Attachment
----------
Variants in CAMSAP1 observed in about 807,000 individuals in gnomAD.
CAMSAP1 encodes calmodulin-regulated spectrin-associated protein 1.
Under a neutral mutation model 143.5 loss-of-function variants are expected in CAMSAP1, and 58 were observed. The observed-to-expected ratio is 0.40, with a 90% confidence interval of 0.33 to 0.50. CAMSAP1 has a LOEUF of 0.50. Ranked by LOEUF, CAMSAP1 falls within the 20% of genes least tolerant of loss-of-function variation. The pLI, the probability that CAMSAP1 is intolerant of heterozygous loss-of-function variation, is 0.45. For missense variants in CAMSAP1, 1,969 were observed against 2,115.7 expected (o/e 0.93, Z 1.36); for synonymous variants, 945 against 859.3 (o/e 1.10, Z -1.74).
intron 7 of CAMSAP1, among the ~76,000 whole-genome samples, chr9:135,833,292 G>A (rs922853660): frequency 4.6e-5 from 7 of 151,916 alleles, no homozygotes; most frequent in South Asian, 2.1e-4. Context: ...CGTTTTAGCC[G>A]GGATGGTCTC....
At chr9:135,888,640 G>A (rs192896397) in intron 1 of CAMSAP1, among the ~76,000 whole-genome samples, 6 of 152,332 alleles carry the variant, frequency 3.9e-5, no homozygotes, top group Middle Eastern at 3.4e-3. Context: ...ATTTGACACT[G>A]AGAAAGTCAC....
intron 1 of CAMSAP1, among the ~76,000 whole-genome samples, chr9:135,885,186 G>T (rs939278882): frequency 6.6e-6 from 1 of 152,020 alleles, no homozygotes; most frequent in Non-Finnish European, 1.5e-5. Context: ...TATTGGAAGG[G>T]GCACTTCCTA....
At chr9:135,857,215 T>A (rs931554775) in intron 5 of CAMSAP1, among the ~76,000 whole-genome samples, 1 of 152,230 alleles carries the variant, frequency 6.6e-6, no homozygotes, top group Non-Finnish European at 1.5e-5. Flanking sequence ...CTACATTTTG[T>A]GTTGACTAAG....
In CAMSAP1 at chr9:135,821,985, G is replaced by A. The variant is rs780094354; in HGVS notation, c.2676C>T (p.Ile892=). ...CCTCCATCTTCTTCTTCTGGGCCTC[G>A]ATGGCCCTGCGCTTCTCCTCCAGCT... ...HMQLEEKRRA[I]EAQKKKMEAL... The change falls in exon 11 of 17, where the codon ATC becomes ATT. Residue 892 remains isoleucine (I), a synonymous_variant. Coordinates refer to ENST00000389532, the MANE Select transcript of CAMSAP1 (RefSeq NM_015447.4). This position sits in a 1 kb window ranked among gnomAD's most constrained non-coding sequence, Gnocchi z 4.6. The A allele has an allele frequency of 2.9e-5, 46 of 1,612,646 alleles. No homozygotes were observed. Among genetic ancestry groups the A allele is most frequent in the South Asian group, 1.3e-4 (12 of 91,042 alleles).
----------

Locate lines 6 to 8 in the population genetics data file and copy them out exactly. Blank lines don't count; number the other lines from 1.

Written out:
intron 1 of CAMSAP1, among the ~76,000 whole-genome samples, chr9:135,885,186 G>T (rs939278882): frequency 6.6e-6 from 1 of 152,020 alleles, no homozygotes; most frequent in Non-Finnish European, 1.5e-5. Context: ...TATTGGAAGG[G>T]GCACTTCCTA....
At chr9:135,857,215 T>A (rs931554775) in intron 5 of CAMSAP1, among the ~76,000 whole-genome samples, 1 of 152,230 alleles carries the variant, frequency 6.6e-6, no homozygotes, top group Non-Finnish European at 1.5e-5. Flanking sequence ...CTACATTTTG[T>A]GTTGACTAAG....
In CAMSAP1 at chr9:135,821,985, G is replaced by A. The variant is rs780094354; in HGVS notation, c.2676C>T (p.Ile892=). ...CCTCCATCTTCTTCTTCTGGGCCTC[G>A]ATGGCCCTGCGCTTCTCCTCCAGCT... ...HMQLEEKRRA[I]EAQKKKMEAL... The change falls in exon 11 of 17, where the codon ATC becomes ATT. Residue 892 remains isoleucine (I), a synonymous_variant. Coordinates refer to ENST00000389532, the MANE Select transcript of CAMSAP1 (RefSeq NM_015447.4). This position sits in a 1 kb window ranked among gnomAD's most constrained non-coding sequence, Gnocchi z 4.6. The A allele has an allele frequency of 2.9e-5, 46 of 1,612,646 alleles. No homozygotes were observed. Among genetic ancestry groups the A allele is most frequent in the South Asian group, 1.3e-4 (12 of 91,042 alleles).